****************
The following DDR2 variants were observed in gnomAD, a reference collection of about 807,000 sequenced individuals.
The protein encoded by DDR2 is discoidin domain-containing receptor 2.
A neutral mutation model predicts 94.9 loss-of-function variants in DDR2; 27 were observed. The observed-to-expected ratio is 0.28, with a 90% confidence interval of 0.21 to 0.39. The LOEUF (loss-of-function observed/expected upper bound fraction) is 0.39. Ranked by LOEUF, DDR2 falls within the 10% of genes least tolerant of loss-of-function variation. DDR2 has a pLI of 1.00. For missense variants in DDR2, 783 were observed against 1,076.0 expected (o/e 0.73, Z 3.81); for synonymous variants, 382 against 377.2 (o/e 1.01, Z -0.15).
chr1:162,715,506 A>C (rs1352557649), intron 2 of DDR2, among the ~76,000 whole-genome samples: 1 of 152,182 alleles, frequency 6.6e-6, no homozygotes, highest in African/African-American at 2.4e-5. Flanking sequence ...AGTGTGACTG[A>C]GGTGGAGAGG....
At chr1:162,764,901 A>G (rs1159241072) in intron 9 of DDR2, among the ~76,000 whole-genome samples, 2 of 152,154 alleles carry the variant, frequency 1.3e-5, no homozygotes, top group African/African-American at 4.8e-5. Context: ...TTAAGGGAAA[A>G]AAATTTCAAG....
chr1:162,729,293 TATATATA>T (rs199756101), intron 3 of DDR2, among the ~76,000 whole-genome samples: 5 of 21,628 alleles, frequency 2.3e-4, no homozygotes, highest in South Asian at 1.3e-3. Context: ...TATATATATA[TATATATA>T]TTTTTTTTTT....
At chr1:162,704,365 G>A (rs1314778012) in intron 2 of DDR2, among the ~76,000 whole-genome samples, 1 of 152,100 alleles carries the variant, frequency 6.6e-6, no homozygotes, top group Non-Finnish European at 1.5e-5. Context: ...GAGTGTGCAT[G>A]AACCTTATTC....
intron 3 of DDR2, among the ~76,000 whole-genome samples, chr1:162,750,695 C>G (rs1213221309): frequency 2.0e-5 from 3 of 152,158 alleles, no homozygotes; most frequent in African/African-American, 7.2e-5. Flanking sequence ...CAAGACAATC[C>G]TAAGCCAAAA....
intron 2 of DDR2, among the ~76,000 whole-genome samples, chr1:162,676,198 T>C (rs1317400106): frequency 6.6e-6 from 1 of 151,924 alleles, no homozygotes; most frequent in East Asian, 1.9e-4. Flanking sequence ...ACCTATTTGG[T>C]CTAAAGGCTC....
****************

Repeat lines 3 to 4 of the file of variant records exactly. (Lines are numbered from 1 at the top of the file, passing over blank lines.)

A neutral mutation model predicts 94.9 loss-of-function variants in DDR2; 27 were observed. The observed-to-expected ratio is 0.28, with a 90% confidence interval of 0.21 to 0.39. The LOEUF (loss-of-function observed/expected upper bound fraction) is 0.39. Ranked by LOEUF, DDR2 falls within the 10% of genes least tolerant of loss-of-function variation. DDR2 has a pLI of 1.00. For missense variants in DDR2, 783 were observed against 1,076.0 expected (o/e 0.73, Z 3.81); for synonymous variants, 382 against 377.2 (o/e 1.01, Z -0.15).
chr1:162,715,506 A>C (rs1352557649), intron 2 of DDR2, among the ~76,000 whole-genome samples: 1 of 152,182 alleles, frequency 6.6e-6, no homozygotes, highest in African/African-American at 2.4e-5. Flanking sequence ...AGTGTGACTG[A>C]GGTGGAGAGG....